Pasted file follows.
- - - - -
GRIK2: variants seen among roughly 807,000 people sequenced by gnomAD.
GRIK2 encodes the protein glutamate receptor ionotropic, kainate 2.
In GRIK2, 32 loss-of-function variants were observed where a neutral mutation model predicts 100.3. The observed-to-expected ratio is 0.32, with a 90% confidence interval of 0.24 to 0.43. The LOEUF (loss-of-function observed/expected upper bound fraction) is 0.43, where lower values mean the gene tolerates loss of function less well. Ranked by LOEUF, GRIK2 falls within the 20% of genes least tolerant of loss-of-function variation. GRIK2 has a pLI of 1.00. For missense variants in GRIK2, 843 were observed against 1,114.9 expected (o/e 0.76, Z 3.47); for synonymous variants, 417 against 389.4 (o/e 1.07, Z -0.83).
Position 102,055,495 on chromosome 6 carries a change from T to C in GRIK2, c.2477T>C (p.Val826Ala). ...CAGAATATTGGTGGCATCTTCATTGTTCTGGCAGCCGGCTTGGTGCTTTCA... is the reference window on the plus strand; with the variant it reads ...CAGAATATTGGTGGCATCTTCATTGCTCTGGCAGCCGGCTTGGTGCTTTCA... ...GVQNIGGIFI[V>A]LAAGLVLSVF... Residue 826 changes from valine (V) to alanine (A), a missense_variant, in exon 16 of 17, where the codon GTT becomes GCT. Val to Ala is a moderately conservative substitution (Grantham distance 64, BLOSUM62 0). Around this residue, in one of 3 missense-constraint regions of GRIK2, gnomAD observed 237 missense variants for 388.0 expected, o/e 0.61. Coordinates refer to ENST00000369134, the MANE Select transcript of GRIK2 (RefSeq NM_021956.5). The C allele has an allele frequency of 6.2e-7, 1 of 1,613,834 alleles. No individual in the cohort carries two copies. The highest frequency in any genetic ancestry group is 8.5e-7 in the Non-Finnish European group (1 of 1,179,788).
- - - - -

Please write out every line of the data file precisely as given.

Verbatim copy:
GRIK2: variants seen among roughly 807,000 people sequenced by gnomAD.
GRIK2 encodes the protein glutamate receptor ionotropic, kainate 2.
In GRIK2, 32 loss-of-function variants were observed where a neutral mutation model predicts 100.3. The observed-to-expected ratio is 0.32, with a 90% confidence interval of 0.24 to 0.43. The LOEUF (loss-of-function observed/expected upper bound fraction) is 0.43, where lower values mean the gene tolerates loss of function less well. Ranked by LOEUF, GRIK2 falls within the 20% of genes least tolerant of loss-of-function variation. GRIK2 has a pLI of 1.00. For missense variants in GRIK2, 843 were observed against 1,114.9 expected (o/e 0.76, Z 3.47); for synonymous variants, 417 against 389.4 (o/e 1.07, Z -0.83).
Position 102,055,495 on chromosome 6 carries a change from T to C in GRIK2, c.2477T>C (p.Val826Ala). ...CAGAATATTGGTGGCATCTTCATTGTTCTGGCAGCCGGCTTGGTGCTTTCA... is the reference window on the plus strand; with the variant it reads ...CAGAATATTGGTGGCATCTTCATTGCTCTGGCAGCCGGCTTGGTGCTTTCA... ...GVQNIGGIFI[V>A]LAAGLVLSVF... Residue 826 changes from valine (V) to alanine (A), a missense_variant, in exon 16 of 17, where the codon GTT becomes GCT. Val to Ala is a moderately conservative substitution (Grantham distance 64, BLOSUM62 0). Around this residue, in one of 3 missense-constraint regions of GRIK2, gnomAD observed 237 missense variants for 388.0 expected, o/e 0.61. Coordinates refer to ENST00000369134, the MANE Select transcript of GRIK2 (RefSeq NM_021956.5). The C allele has an allele frequency of 6.2e-7, 1 of 1,613,834 alleles. No individual in the cohort carries two copies. The highest frequency in any genetic ancestry group is 8.5e-7 in the Non-Finnish European group (1 of 1,179,788).